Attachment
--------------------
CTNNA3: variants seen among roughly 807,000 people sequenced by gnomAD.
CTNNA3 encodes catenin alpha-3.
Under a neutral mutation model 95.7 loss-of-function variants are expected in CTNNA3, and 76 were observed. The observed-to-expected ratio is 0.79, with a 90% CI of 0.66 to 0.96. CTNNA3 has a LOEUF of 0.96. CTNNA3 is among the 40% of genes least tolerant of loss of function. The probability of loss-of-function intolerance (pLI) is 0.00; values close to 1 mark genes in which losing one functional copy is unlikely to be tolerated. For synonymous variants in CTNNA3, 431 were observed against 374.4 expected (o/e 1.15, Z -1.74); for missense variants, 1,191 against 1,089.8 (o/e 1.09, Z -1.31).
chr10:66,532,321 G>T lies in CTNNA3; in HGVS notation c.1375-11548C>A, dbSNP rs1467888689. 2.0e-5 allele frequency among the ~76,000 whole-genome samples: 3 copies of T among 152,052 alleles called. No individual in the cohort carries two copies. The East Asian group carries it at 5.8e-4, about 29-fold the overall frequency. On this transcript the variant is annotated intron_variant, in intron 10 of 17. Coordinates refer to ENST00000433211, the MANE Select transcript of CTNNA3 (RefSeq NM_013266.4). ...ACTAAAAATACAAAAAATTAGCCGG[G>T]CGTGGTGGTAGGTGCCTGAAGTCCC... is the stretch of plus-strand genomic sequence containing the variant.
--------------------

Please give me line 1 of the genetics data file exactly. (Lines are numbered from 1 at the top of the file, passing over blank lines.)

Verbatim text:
CTNNA3: variants seen among roughly 807,000 people sequenced by gnomAD.